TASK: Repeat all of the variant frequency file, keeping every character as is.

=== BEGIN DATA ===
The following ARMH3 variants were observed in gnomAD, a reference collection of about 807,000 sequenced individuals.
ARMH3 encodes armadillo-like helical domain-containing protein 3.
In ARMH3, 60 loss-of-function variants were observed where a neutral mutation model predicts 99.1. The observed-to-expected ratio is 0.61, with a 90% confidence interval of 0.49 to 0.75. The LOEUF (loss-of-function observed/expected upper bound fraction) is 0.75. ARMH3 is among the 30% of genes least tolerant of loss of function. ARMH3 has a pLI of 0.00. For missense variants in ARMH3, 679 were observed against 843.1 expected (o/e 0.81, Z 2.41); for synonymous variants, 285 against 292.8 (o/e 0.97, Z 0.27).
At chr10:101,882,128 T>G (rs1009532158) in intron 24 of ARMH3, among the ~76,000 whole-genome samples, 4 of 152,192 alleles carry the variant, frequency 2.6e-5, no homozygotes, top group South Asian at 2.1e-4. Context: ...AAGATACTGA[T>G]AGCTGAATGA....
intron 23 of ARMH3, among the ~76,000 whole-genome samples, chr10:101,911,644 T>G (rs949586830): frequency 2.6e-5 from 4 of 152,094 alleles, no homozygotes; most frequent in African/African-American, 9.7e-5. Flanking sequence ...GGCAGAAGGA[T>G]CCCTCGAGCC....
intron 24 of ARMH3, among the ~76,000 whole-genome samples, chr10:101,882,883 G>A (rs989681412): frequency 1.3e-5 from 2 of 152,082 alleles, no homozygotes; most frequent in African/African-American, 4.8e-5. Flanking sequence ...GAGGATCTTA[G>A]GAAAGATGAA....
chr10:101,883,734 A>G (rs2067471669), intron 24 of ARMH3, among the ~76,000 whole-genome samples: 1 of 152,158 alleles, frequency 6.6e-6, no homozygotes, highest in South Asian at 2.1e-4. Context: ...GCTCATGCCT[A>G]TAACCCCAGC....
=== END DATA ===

The following ARMH3 variants were observed in gnomAD, a reference collection of about 807,000 sequenced individuals.
ARMH3 encodes armadillo-like helical domain-containing protein 3.
In ARMH3, 60 loss-of-function variants were observed where a neutral mutation model predicts 99.1. The observed-to-expected ratio is 0.61, with a 90% confidence interval of 0.49 to 0.75. The LOEUF (loss-of-function observed/expected upper bound fraction) is 0.75. ARMH3 is among the 30% of genes least tolerant of loss of function. ARMH3 has a pLI of 0.00. For missense variants in ARMH3, 679 were observed against 843.1 expected (o/e 0.81, Z 2.41); for synonymous variants, 285 against 292.8 (o/e 0.97, Z 0.27).
At chr10:101,882,128 T>G (rs1009532158) in intron 24 of ARMH3, among the ~76,000 whole-genome samples, 4 of 152,192 alleles carry the variant, frequency 2.6e-5, no homozygotes, top group South Asian at 2.1e-4. Context: ...AAGATACTGA[T>G]AGCTGAATGA....
intron 23 of ARMH3, among the ~76,000 whole-genome samples, chr10:101,911,644 T>G (rs949586830): frequency 2.6e-5 from 4 of 152,094 alleles, no homozygotes; most frequent in African/African-American, 9.7e-5. Flanking sequence ...GGCAGAAGGA[T>G]CCCTCGAGCC....
intron 24 of ARMH3, among the ~76,000 whole-genome samples, chr10:101,882,883 G>A (rs989681412): frequency 1.3e-5 from 2 of 152,082 alleles, no homozygotes; most frequent in African/African-American, 4.8e-5. Flanking sequence ...GAGGATCTTA[G>A]GAAAGATGAA....
chr10:101,883,734 A>G (rs2067471669), intron 24 of ARMH3, among the ~76,000 whole-genome samples: 1 of 152,158 alleles, frequency 6.6e-6, no homozygotes, highest in South Asian at 2.1e-4. Context: ...GCTCATGCCT[A>G]TAACCCCAGC....